Actually, It's Hippocrates Health Institute in Florida. And they don't use this juicer, but they do recommend it for a great home use juicer. Hippocrates uses the stainless steel ones. More durable for juicing mega ounces a day.
Originally Posted by Revvell
I'd rather juice my grass! :cool:
A word on wild grasses & other wild edibles
A word on wild grasses & other wild edibles:
It was stated on another thread that indoor grown grass is better; that common lawn grass is tougher and harder on a juicer; that cows have very different digestive systems. I think these are all valid concerns.
I believe that this will also vary, based on which grass we're talking about. Wheat grass has been selected as the most commercially viable in the juicing industry. What all the factors are behind that decision, I don't know. I suppose they are good reasons like the predominantly, relatively soft blades, ease of growing in various climates; and maybe more economic because it is so common. But it caught on, and so wheat grass is "it." Anyone have any thoughts on this?
Grown indoors or outdoors? Not so sure this really matters, much. It seems to me that more sunlight would be preferable in that plants use the process of photosynthesis to convert sunlight to chlorophyll. On the other hand, indoor growing gives us a more controlled environment, providing protection from various elements.
I think the fascination for grasses and other wild edibles is threefold:
1) Economics - Though we can afford to grow our own, some of us just love the thought of finding it plentifully in the wild, much like having fruit trees around and gathering at will.
2) A Hobby - It's fun. And knowing where to find it, and how to identify it is part of the challenge.
3) And a very distant 3rd place - some of us have that survival bent in us. Not that we live in fear, but we'd just like to know how to take care of ourselves in this day of potential 911s and greater catastrophic events.
(No one wants to think about it, but experts say it's a matter of "when," not "if." That's a whole other thread, and I do have predictions. But I'm not inclined to start such a fear-oriented conversation on such an unpopular subject. )
about cereal grasses. I learn so much on this site.
I wanted to address the first post about juicers - I have the Green Star Juicer and one of the reasons I chose that one is because it does juice grasses. I grow my own wheatgrass and have been juicing it with my Green Star. I just didn't understand why you said it would not. Is it that it doesn't get all the juice? It seems to leave the fiber really dry.
Hi sweet pepper - Sorry, my bad.. the orig post read like this:
Originally Posted by sweet pepper
"With a Greenstar juicer costing around $500 and others like the Champion -- great in their own right -- but not designed to juice grasses, the price of a manual juicer begins to look very attractive."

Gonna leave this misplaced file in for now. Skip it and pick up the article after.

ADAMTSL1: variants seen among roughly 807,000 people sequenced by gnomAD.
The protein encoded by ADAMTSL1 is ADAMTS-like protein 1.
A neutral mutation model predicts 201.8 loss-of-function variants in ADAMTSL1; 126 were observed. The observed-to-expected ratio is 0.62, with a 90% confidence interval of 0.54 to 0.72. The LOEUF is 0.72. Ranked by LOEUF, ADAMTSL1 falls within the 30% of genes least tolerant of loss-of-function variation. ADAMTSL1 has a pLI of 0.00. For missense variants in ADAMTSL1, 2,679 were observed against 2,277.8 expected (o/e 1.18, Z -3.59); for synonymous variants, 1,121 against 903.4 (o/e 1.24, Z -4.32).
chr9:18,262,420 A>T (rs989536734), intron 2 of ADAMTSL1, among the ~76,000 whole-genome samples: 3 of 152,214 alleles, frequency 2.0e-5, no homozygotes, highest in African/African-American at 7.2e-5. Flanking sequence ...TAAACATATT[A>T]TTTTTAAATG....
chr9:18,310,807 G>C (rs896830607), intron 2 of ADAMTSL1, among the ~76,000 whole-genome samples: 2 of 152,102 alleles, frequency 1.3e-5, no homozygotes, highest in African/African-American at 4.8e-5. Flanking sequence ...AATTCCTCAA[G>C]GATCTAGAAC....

It should have read: "the Champion -- great in it's own right..."
This was in reference to the Champion, not the Greenstar - which is apparently a totally awesome juicer! German built, they do have cheaper models, but I believe that their best model is needed for grasses. For economic reasons, most will find the manual alternative appealing.
Have a Awesome Juicing Day! :)
p.s. day by day, I plan on putting together a guide of sorts for wild edibles, beginning with the grasses. (It's quite time-consuming, but LOTS of fun!) There's only so much you can cover on a juicer, so I guess this thread morphed into a field guide, lol. And there are soooo many varieties of each kind within the grass family! For instance, there could be dozens of barley grasses. As such, I will try to refer to the most general or common versions found in various regions. If interested, anyone with a printer could print out the images for convenience.
Last edited by FirstGarden; 05-26-2007 at 12:36 AM.
Barley Grass (Hordeum vulgare)
Barley grass is one of the green grasses - the only vegetation on the earth that can supply sole nutritional support from birth to old age. Barley has served as a food staple in most cultures. The use of barley for food and medicinal purposes dates to antiquity. Agronomists place this ancient cereal grass as being cultivated as early as 7000 BC. Roman gladiators ate barley for strength and stamina. In the West, it was first known for the barley grain it produces.
Astounding amounts of vitamins and minerals are found in green barley leaves. The leaves have an ability to absorb nutrients from the soil. When barley leaves are 12-14 inches high, they contain many vitamins, minerals, and proteins necessary for the human diet, plus chlorophyll. These are easily assimilated throughout the digestive tract, giving our bodies instant access to vital nutrients. These include potassium, calcium, magnesium, iron, copper, phosphorus, manganese, zinc, beta carotene, B1, B2, B6, C, folic acid, and pantothenic acid. Indeed, green barley juice contains 11 times the calcium in cows' milk, nearly 5 times the iron in spinach, 7 times the vitamin C in oranges, and 80 mg of vitamin B12 per hundred grams.